Germ warfare: the end of antibiotics

Sarah Boseley:

A world without antibiotics could be a mere 10 years away as science and nature compete in a battle that may render some routine operations too risky to consider.
Just 65 years ago, David Livermore’s paternal grandmother died following an operation to remove her appendix. It didn’t go well but it was not the surgery that killed her. She succumbed to a series of infections that the pre-penicillin world had no drugs to treat. Welcome to the future.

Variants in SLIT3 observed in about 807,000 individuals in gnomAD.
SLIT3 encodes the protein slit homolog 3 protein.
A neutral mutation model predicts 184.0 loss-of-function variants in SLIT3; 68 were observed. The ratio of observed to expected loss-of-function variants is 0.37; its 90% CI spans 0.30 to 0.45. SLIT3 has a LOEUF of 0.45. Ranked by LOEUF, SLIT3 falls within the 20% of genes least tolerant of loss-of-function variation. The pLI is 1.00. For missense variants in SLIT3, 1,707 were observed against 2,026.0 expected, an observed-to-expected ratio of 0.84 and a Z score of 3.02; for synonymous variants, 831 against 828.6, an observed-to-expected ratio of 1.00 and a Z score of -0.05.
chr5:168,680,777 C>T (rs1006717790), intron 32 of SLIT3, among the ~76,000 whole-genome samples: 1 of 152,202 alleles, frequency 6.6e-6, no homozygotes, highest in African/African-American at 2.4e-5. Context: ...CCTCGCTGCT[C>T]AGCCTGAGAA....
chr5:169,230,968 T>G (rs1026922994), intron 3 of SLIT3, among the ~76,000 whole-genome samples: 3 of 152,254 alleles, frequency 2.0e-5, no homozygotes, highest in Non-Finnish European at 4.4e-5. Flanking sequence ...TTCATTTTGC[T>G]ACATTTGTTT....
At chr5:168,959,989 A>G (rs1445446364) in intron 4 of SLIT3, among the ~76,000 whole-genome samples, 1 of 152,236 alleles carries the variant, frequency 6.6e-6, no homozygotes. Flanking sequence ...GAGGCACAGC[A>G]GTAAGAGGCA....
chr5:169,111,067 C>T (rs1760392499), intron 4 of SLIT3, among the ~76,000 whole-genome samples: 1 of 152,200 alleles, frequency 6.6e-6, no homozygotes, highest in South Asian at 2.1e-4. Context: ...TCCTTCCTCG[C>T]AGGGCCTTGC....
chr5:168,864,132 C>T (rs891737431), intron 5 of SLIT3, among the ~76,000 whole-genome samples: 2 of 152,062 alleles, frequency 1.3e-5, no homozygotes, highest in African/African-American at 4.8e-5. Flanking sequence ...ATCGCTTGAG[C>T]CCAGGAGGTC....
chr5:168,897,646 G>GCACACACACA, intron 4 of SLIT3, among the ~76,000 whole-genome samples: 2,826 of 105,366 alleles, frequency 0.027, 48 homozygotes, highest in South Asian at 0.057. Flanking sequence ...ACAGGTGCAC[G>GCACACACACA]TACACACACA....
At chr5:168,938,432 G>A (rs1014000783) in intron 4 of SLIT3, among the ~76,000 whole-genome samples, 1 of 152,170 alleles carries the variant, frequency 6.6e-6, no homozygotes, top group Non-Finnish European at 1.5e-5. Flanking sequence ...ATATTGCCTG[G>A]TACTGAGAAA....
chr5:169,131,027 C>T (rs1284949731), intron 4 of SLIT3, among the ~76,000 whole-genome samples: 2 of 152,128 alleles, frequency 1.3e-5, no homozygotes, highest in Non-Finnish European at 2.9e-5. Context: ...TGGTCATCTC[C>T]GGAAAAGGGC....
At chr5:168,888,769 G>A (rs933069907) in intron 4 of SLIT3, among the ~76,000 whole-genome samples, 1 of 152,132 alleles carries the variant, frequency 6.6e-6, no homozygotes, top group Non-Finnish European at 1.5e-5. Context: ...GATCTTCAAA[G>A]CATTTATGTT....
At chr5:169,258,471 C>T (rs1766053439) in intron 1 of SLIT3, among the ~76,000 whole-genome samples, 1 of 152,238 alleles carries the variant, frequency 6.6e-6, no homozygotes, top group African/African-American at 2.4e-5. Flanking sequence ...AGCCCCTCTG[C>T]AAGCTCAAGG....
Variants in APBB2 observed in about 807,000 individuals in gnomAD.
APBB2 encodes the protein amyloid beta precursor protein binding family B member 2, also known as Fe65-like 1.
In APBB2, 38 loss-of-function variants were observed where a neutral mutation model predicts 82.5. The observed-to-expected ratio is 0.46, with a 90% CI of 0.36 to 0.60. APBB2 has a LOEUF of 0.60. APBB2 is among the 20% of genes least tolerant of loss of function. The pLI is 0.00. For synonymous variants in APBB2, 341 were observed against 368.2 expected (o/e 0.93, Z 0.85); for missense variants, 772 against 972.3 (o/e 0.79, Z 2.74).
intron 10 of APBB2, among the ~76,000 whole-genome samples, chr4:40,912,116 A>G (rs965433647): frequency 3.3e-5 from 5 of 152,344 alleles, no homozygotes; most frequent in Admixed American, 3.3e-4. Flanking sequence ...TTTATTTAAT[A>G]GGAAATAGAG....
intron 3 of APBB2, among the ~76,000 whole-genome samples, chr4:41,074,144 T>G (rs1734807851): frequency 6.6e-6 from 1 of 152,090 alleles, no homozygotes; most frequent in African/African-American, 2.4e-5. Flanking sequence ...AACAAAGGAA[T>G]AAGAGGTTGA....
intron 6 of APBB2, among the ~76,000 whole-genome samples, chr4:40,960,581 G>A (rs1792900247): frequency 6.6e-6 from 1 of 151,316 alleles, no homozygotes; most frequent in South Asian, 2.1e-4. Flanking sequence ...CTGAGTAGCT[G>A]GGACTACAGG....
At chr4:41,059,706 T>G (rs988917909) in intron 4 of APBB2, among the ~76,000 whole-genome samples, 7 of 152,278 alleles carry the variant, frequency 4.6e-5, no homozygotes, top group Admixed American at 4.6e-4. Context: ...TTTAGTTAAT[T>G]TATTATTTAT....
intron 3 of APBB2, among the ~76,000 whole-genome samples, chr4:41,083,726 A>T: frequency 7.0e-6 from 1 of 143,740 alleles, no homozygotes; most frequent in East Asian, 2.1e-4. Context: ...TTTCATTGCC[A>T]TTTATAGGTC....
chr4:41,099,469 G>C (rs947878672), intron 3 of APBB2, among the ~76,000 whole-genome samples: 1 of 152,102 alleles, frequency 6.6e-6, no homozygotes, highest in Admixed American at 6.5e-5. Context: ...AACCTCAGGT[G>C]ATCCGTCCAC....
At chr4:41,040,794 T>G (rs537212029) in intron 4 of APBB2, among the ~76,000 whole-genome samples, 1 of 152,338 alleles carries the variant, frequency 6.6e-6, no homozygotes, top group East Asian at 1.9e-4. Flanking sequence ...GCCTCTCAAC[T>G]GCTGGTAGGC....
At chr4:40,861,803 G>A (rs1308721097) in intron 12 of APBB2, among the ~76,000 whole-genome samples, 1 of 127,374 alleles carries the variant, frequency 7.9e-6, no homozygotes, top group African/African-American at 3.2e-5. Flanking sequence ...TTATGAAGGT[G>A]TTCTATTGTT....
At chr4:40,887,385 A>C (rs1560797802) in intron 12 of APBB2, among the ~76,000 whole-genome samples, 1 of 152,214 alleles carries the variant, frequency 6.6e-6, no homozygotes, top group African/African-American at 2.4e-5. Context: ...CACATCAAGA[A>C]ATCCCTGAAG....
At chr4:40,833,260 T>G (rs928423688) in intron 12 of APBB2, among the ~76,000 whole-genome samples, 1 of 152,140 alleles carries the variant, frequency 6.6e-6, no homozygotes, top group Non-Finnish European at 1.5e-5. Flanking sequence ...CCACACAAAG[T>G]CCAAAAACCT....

The era of antibiotics is coming to a close. In just a couple of generations, what once appeared to be miracle medicines have been beaten into ineffectiveness by the bacteria they were designed to knock out. Once, scientists hailed the end of infectious diseases. Now, the post-antibiotic apocalypse is within sight.
Hyperbole? Unfortunately not. This month, the journal Lancet Infectious Diseases posed the question over a paper revealing the rapid spread of drug-resistant bacteria. “Is this the end of antibiotics?” it asked.